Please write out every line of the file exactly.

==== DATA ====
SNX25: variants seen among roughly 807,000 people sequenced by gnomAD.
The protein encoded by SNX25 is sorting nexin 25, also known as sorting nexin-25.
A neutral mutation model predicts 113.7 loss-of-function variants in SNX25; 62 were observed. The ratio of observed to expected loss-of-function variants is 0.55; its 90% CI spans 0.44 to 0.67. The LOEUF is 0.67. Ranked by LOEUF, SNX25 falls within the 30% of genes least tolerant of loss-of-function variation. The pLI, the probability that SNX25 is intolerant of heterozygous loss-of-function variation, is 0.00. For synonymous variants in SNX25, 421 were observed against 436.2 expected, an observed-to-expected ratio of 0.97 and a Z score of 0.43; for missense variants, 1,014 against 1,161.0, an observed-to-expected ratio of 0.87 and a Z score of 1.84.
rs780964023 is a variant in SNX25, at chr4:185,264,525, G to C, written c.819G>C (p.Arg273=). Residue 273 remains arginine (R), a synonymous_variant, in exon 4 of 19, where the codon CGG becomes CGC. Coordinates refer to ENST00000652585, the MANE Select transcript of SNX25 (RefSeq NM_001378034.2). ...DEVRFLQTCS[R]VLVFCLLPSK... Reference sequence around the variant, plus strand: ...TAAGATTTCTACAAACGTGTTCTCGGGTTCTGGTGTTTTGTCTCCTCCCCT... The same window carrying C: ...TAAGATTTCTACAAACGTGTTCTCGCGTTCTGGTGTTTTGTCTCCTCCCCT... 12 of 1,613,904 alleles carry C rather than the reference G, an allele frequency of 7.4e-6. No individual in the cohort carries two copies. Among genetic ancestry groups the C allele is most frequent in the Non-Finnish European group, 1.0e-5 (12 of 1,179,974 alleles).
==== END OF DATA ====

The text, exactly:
SNX25: variants seen among roughly 807,000 people sequenced by gnomAD.
The protein encoded by SNX25 is sorting nexin 25, also known as sorting nexin-25.
A neutral mutation model predicts 113.7 loss-of-function variants in SNX25; 62 were observed. The ratio of observed to expected loss-of-function variants is 0.55; its 90% CI spans 0.44 to 0.67. The LOEUF is 0.67. Ranked by LOEUF, SNX25 falls within the 30% of genes least tolerant of loss-of-function variation. The pLI, the probability that SNX25 is intolerant of heterozygous loss-of-function variation, is 0.00. For synonymous variants in SNX25, 421 were observed against 436.2 expected, an observed-to-expected ratio of 0.97 and a Z score of 0.43; for missense variants, 1,014 against 1,161.0, an observed-to-expected ratio of 0.87 and a Z score of 1.84.
rs780964023 is a variant in SNX25, at chr4:185,264,525, G to C, written c.819G>C (p.Arg273=). Residue 273 remains arginine (R), a synonymous_variant, in exon 4 of 19, where the codon CGG becomes CGC. Coordinates refer to ENST00000652585, the MANE Select transcript of SNX25 (RefSeq NM_001378034.2). ...DEVRFLQTCS[R]VLVFCLLPSK... Reference sequence around the variant, plus strand: ...TAAGATTTCTACAAACGTGTTCTCGGGTTCTGGTGTTTTGTCTCCTCCCCT... The same window carrying C: ...TAAGATTTCTACAAACGTGTTCTCGCGTTCTGGTGTTTTGTCTCCTCCCCT... 12 of 1,613,904 alleles carry C rather than the reference G, an allele frequency of 7.4e-6. No individual in the cohort carries two copies. Among genetic ancestry groups the C allele is most frequent in the Non-Finnish European group, 1.0e-5 (12 of 1,179,974 alleles).